1. The long journey to 1k real-time ray-tracing
  2. Making of the visual
  3. Making of the music (part1) by ern0
  4. Making of the music (part2) by TomCat
  5. Download page and source code

Making of the music (part 1) by ern0


Platform characteristics

Traditional restricted music platforms (e.g. monophonic ringtone, Amiga mod, General MIDI etc.) have constraints engraved in stone, like polyphony or tone set, but usually have no significant restriction on data size. In our case, on the PC-DOS speaker platform, the opposite is true. We can generate any waveform, and there're no player constraints, but every single tone calculation and sequencer feature eats up the space of the visual effect.

Cover considerations

First of all, making a cover of a well-known song for a restricted platform is fun and it's also a great challenge. When the cover is accurate, as we listen to it, the original also plays in our heads, which adds to the experience. On the other hand, we are not allowed to modify the score for gaining some bytes. All we can do is omit complete parts (e.g. skip the verse), omit voices (e.g. don't use bass), or simplify them (e.g. use simpler drums). Extreme cases, like 549Notes, we are not allowed to change or skip anything.

Song structure

The song, "I Remember" Deadmau5 and DJ Kaskade, is an ideal candidate for sizecode music. It's chord progression is characteristic enough to represent the whole song, so I could skip the vocals. It's also only 8 pattern long, and contains repeats:

 1 2 R R
 3 4 R R 

As every chord consists of 4 tones, we have to store 5x4 = 20 notes.

There is only one difficulty: the chord changes happen one quarter earlier than expected, but only every 2 of 4 cases:

 [1 1 1 1] [1 1 1 2]
 [2 2 2 2] [2 2 2 R]
 [R R R R] [R R R R]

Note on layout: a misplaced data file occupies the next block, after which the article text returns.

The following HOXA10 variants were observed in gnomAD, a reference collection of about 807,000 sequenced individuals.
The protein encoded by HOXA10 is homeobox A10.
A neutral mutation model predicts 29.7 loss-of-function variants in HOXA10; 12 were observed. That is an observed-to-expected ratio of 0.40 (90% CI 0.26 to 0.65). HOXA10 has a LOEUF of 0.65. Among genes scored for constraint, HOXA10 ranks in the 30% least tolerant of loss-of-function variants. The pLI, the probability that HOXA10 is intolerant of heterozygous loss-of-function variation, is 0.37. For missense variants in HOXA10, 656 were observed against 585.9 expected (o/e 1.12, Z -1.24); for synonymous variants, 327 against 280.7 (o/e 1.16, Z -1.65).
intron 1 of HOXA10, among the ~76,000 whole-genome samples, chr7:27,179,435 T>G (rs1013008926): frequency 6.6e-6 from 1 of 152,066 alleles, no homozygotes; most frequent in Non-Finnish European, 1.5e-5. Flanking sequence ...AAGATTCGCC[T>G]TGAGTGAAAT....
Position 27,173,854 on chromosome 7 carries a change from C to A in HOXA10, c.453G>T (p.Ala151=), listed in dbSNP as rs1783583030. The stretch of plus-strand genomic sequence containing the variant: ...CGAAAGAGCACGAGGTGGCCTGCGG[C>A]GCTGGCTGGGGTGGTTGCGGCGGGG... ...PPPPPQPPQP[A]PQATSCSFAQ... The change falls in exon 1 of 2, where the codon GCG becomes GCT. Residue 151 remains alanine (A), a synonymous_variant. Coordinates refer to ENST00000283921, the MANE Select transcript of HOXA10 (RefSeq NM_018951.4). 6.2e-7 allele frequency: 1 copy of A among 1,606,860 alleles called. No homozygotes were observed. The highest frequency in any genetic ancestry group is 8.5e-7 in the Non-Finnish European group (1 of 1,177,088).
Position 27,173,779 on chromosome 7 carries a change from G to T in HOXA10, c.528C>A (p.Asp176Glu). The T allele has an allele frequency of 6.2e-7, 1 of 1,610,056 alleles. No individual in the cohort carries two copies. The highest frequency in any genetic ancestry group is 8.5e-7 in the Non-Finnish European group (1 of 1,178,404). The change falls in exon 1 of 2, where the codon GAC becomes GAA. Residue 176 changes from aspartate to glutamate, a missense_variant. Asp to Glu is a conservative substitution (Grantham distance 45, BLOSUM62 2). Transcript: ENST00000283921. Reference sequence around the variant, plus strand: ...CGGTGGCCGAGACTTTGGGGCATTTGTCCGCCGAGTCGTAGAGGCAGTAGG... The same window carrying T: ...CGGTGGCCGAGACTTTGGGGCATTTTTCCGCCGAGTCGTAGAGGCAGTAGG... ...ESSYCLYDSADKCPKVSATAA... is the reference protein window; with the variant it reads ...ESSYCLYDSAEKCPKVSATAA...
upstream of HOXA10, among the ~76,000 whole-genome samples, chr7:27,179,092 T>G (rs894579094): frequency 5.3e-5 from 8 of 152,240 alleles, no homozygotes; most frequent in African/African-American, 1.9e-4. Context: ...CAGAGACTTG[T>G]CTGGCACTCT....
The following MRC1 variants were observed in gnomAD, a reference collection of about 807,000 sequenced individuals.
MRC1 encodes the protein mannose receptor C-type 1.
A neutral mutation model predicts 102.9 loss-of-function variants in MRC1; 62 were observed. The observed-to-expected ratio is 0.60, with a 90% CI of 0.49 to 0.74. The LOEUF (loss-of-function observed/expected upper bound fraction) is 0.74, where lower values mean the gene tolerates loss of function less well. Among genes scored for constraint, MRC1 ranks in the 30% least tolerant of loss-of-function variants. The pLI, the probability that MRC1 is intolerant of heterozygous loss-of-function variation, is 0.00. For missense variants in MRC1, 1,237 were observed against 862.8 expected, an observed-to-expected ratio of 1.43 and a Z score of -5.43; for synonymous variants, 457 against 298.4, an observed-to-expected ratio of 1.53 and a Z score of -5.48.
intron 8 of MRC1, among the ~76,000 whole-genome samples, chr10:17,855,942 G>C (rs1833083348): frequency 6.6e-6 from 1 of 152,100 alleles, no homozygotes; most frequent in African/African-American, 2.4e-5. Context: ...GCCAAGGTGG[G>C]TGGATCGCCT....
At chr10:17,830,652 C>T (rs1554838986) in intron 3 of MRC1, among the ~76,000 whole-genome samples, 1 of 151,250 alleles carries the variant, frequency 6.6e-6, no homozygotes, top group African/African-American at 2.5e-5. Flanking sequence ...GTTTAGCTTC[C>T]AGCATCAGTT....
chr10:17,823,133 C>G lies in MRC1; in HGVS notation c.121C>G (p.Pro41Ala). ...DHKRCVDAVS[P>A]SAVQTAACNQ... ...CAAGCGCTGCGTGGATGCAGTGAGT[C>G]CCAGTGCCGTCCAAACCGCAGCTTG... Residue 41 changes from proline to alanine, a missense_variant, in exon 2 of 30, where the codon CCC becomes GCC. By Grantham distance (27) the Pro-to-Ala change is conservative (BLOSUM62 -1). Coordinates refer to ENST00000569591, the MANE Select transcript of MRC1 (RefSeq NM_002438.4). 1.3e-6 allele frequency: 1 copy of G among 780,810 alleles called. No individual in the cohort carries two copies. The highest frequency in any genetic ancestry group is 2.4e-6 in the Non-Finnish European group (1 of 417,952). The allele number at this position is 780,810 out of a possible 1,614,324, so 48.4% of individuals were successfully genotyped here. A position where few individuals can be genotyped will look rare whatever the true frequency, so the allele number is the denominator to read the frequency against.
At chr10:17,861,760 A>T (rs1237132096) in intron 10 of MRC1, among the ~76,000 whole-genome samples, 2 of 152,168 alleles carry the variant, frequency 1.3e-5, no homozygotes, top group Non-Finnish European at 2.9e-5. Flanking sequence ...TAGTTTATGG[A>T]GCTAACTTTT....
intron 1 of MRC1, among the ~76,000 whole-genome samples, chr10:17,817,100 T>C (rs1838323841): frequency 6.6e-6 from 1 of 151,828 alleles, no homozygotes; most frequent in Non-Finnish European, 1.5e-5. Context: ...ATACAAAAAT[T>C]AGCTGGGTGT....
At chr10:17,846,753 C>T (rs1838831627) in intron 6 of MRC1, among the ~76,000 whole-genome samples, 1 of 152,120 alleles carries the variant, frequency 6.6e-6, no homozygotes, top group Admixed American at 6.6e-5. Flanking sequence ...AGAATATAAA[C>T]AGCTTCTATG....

[R R R R] [R R R R]

 [3 3 3 3] [3 3 3 4]
 [4 4 4 4] [4 4 4 R]
 [R R R R] [R R R R]
 [R R R R] [R R R R]

Fortunately, the drum is pretty simple and repetitive:

 [BD HT BD+SN HT] etc. 

According to the rules of house genre, the song starts with drums only, but only for a half round. Then 4 full rounds follow, playing longer notes each round. In the 4th round, with longest notes, drum track is muted. Then the song continues almost at the beginning, but skipping drums-only intro.

  [drums only]
loop point:
  [drums + chords - short]
  [drums + chords - long]
  [drums + chords - longer]
  [no drums, only chords - longest]
    continue at loop point

Alternate version

We've tried to reach the authors, but we've failed, so we do not have a permission to publish the cover. Maybe, we have rights to do it, but party rules are stricter, so we needed to change the music.

I wanted as few changes as possible, so I changed only the chords, keeping everything else unchanged, even the chord structure:

 1 2 R R
 3 4 R R

My main goal was to create a song as different from the original as possible, and I think I succeed. My version is brighter, happier, and lighter, and it sounds like a refrain, not a standalone song.

I like the original better; it's a very unique and unusually nicely-done chord progression, especially for a contemporary song; it reminds me of the 80's, the golden era of pop.

But I don't hate my version; in fact, I've started writing a little happy song in which this theme is the refrain.

If you like this writeup, then leave a comment at the download page
And make sure you have also read Making of the music (part2) by TomCat